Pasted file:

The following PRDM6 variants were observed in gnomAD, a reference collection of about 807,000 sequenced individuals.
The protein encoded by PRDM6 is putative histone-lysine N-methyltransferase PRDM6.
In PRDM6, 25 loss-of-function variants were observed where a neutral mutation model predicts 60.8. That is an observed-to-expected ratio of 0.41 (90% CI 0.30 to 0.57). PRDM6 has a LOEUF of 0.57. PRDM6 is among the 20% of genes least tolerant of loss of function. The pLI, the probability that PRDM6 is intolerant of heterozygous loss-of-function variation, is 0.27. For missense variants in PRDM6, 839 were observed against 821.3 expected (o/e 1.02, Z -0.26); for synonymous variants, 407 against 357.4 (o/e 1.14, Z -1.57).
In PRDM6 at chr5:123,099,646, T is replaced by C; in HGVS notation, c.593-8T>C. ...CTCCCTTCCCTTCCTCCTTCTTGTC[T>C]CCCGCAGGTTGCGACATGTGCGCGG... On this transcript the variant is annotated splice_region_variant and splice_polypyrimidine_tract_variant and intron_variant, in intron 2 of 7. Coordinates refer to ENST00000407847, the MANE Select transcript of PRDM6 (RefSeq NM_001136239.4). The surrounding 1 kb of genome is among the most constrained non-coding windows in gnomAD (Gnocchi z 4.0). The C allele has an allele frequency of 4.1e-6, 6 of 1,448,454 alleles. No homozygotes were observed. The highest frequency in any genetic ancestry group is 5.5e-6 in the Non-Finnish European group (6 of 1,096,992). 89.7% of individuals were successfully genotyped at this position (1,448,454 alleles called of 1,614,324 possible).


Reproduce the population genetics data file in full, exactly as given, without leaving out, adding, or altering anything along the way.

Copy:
The following PRDM6 variants were observed in gnomAD, a reference collection of about 807,000 sequenced individuals.
The protein encoded by PRDM6 is putative histone-lysine N-methyltransferase PRDM6.
In PRDM6, 25 loss-of-function variants were observed where a neutral mutation model predicts 60.8. That is an observed-to-expected ratio of 0.41 (90% CI 0.30 to 0.57). PRDM6 has a LOEUF of 0.57. PRDM6 is among the 20% of genes least tolerant of loss of function. The pLI, the probability that PRDM6 is intolerant of heterozygous loss-of-function variation, is 0.27. For missense variants in PRDM6, 839 were observed against 821.3 expected (o/e 1.02, Z -0.26); for synonymous variants, 407 against 357.4 (o/e 1.14, Z -1.57).
In PRDM6 at chr5:123,099,646, T is replaced by C; in HGVS notation, c.593-8T>C. ...CTCCCTTCCCTTCCTCCTTCTTGTC[T>C]CCCGCAGGTTGCGACATGTGCGCGG... On this transcript the variant is annotated splice_region_variant and splice_polypyrimidine_tract_variant and intron_variant, in intron 2 of 7. Coordinates refer to ENST00000407847, the MANE Select transcript of PRDM6 (RefSeq NM_001136239.4). The surrounding 1 kb of genome is among the most constrained non-coding windows in gnomAD (Gnocchi z 4.0). The C allele has an allele frequency of 4.1e-6, 6 of 1,448,454 alleles. No homozygotes were observed. The highest frequency in any genetic ancestry group is 5.5e-6 in the Non-Finnish European group (6 of 1,096,992). 89.7% of individuals were successfully genotyped at this position (1,448,454 alleles called of 1,614,324 possible).